Activity Tracking with the Garmin Fenix 3 HR

Image Source: Youstatement

So Chinese New Year is officially over and with it goes the feeding frenzy. It’s time to claw my way back to some semblance of fitness with the new bling on my wrist from DH who heartily encourages my obsession with stats.

The Good

Yes. We’ve traded the Apple Watch for the Garmin Fenix 3 HR which has some advantages, namely:

  • Longer battery life – based on my usage, about a week – give or take – before it needs to go back on the charger.
  • Sleep tracking – which I can actually do now that I don’t need to take it off to charge everyday. Although I have some doubts about accuracy, but more about that later on.
  • It is waterproof so I can track my swimming as well – big plus! If you really want an activity tracker, how can you leave watersports out?
  • Better hiking stats – something goes awry with the Apple Watch whenever I hike and the stats are impossibly way off.
  • It doesn’t get smelly like the Apple Watch – don’t ask me why the difference but the Apple Watch would start smelling funky by the end of a day’s wear. This doesn’t happen with the Fenix.

New bling

The Bad

What’s not so good:

  • It makes my wrist itch – perhaps because I wear it all the time now and I have a natural skin sensitivity to certain jewellery. I get past this problem by switching the watch from left to right wrist and back again before my skin gets irritated.
  • It’s way bigger than the Apple Watch which means my chances of bumping it on something increases ten fold. Yeah, I’m clumsy like that. You can probably already see the scratches on the face in the picture above.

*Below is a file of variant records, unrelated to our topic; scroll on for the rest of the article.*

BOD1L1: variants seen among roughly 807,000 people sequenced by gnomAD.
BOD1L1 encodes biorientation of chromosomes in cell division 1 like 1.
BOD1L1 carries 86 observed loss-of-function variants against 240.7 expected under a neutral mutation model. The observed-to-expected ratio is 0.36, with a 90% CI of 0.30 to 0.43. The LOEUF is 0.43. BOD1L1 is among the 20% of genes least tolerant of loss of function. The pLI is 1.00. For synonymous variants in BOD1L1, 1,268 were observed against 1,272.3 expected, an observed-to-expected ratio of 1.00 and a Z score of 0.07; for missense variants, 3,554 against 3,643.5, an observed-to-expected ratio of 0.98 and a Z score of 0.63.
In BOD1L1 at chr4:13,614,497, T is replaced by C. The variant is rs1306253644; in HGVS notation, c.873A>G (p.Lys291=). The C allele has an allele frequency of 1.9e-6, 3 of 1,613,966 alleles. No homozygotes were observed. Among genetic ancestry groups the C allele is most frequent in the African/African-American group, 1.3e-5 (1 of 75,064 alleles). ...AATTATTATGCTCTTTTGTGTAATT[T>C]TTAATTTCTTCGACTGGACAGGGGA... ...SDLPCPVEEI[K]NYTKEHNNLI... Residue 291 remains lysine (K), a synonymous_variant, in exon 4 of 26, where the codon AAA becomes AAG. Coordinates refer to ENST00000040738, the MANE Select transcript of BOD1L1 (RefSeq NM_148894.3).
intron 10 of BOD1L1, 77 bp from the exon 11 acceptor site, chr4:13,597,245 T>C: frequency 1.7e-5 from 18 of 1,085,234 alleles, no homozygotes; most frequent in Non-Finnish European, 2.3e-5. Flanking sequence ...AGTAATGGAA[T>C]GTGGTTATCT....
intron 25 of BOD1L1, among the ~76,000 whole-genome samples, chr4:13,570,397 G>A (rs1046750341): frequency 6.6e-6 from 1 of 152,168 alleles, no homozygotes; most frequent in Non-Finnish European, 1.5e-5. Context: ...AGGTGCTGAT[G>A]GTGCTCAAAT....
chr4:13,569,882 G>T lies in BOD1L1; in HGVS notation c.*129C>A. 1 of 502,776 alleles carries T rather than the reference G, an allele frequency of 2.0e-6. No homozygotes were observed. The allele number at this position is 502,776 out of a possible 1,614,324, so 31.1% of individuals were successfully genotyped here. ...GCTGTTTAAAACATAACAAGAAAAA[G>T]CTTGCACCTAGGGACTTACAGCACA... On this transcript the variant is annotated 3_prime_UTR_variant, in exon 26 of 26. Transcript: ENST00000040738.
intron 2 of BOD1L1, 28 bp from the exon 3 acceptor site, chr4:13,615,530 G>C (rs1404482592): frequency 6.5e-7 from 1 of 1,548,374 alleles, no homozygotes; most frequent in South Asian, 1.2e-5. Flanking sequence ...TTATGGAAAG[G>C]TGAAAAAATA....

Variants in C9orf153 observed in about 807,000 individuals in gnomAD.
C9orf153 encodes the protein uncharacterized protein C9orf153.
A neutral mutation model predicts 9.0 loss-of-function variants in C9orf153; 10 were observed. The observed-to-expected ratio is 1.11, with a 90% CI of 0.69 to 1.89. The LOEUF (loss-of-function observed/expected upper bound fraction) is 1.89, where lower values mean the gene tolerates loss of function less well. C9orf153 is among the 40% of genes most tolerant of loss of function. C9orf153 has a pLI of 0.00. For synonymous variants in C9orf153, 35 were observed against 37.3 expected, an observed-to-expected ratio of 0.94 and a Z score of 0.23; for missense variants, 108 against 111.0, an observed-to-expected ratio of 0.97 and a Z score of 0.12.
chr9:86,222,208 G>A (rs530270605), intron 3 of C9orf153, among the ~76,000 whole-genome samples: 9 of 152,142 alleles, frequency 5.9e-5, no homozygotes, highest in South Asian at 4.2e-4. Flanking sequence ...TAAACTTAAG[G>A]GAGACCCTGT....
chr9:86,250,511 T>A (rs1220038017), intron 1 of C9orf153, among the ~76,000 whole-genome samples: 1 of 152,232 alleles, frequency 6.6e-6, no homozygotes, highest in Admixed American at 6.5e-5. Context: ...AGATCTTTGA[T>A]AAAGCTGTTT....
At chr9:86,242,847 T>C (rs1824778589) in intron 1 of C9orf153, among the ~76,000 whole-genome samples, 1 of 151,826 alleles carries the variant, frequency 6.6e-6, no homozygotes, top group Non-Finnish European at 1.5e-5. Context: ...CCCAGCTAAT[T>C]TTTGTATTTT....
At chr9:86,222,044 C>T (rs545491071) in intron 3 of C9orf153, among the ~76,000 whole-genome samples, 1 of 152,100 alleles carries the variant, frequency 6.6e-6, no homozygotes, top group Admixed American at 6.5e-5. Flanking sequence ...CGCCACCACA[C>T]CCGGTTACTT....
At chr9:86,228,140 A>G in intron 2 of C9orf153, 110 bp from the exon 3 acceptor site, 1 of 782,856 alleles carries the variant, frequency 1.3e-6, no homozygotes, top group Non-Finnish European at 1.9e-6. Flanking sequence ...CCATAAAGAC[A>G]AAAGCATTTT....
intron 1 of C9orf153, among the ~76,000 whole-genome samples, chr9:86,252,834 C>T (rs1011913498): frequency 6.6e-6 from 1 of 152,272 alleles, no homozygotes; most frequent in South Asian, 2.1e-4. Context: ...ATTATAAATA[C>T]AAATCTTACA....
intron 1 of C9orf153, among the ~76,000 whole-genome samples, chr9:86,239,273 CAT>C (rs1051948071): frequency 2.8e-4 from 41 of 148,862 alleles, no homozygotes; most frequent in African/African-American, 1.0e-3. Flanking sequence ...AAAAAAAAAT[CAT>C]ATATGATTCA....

• I mentioned the problems with sleep tracking above. A couple of times, the sleep tracker has me going to sleep at 8 or 9 pm. I never sleep earlier than 10 pm unless I’m sick. Perhaps because I was so comfortable in front of the idiot box that my vitals dipped to sleeping range?
  • The range of activities is severely limited. I supposed because it’s a serious watch for very active people. Nevertheless, it would be nice if I could record all kinds of activity, including pilates and regular walks (not hikes) but there is no facility for that unless you manually include it.
  • I confess I miss those lovely activity rings on Apple Watch that allow you to check at a glance how many targets you managed to hit in a month. There is something encouraging about it that prompts you to keep moving to make sure you hit all targets.

Fenix 3 versus Apple Watch Tracking

Given the gross discrepancies in tracking between the Polar Beat versus the Apple Watch, I figured I should do a couple of side-by-side comparisons of the Fenix 3 against the Apple Watch. The following images show the stats for our Valentine’s Day Hike (Left – Apple; Right – Fenix):

Hiking stats Hiking stats

Everything is out. The Fenix 3 tracks higher on every measure – active calories, distance covered, and elevation gain. Even the pace is faster. About the only thing that was fairly similar was my heart rate. The Fenix 3 recorded an average of 130bpm.

Next up, I compared a regular day’s worth of movement without a workout from wake up to dinner time (Left – Apple; Right – Fenix):

Activity trackers Activity trackers

This time, we have the Apple Watch tracking higher on calories burnt and steps taken.

Finally, I tried to compare an indoor walk but the Apple Watch ran out of batteries before I was done. Based on what I did see while I was working out, the Apple Watch was tracking higher than the Fenix 3 in both steps taken and calories burnt. In other words, the Fenix 3 is a tougher personal trainer. Aside from the hiking activity, the Fenix 3 forces me to work harder to hit my minimum daily targets – which is not really a bad thing. The next thing is to check if this holds true for other activities, like running and biking.

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